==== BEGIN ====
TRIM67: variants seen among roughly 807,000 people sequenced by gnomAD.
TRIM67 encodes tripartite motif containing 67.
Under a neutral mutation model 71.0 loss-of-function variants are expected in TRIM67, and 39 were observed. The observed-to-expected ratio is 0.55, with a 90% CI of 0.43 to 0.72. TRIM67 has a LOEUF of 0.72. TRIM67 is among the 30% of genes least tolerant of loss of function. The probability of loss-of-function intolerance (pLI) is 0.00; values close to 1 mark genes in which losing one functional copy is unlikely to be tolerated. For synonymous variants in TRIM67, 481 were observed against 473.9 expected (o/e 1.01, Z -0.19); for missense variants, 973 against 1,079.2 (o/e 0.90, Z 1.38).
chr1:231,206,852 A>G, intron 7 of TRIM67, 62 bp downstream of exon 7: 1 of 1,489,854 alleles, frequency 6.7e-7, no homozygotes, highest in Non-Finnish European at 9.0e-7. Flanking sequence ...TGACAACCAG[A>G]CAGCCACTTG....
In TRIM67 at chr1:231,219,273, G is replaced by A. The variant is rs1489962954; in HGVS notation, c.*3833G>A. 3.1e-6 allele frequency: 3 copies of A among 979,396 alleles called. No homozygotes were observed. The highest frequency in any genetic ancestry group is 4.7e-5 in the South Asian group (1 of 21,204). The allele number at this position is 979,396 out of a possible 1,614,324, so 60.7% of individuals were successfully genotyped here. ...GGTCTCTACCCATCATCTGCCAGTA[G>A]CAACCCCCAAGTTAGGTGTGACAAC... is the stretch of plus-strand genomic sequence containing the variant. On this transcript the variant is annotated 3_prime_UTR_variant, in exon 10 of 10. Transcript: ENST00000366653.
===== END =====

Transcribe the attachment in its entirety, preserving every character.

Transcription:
TRIM67: variants seen among roughly 807,000 people sequenced by gnomAD.
TRIM67 encodes tripartite motif containing 67.
Under a neutral mutation model 71.0 loss-of-function variants are expected in TRIM67, and 39 were observed. The observed-to-expected ratio is 0.55, with a 90% CI of 0.43 to 0.72. TRIM67 has a LOEUF of 0.72. TRIM67 is among the 30% of genes least tolerant of loss of function. The probability of loss-of-function intolerance (pLI) is 0.00; values close to 1 mark genes in which losing one functional copy is unlikely to be tolerated. For synonymous variants in TRIM67, 481 were observed against 473.9 expected (o/e 1.01, Z -0.19); for missense variants, 973 against 1,079.2 (o/e 0.90, Z 1.38).
chr1:231,206,852 A>G, intron 7 of TRIM67, 62 bp downstream of exon 7: 1 of 1,489,854 alleles, frequency 6.7e-7, no homozygotes, highest in Non-Finnish European at 9.0e-7. Flanking sequence ...TGACAACCAG[A>G]CAGCCACTTG....
In TRIM67 at chr1:231,219,273, G is replaced by A. The variant is rs1489962954; in HGVS notation, c.*3833G>A. 3.1e-6 allele frequency: 3 copies of A among 979,396 alleles called. No homozygotes were observed. The highest frequency in any genetic ancestry group is 4.7e-5 in the South Asian group (1 of 21,204). The allele number at this position is 979,396 out of a possible 1,614,324, so 60.7% of individuals were successfully genotyped here. ...GGTCTCTACCCATCATCTGCCAGTA[G>A]CAACCCCCAAGTTAGGTGTGACAAC... is the stretch of plus-strand genomic sequence containing the variant. On this transcript the variant is annotated 3_prime_UTR_variant, in exon 10 of 10. Transcript: ENST00000366653.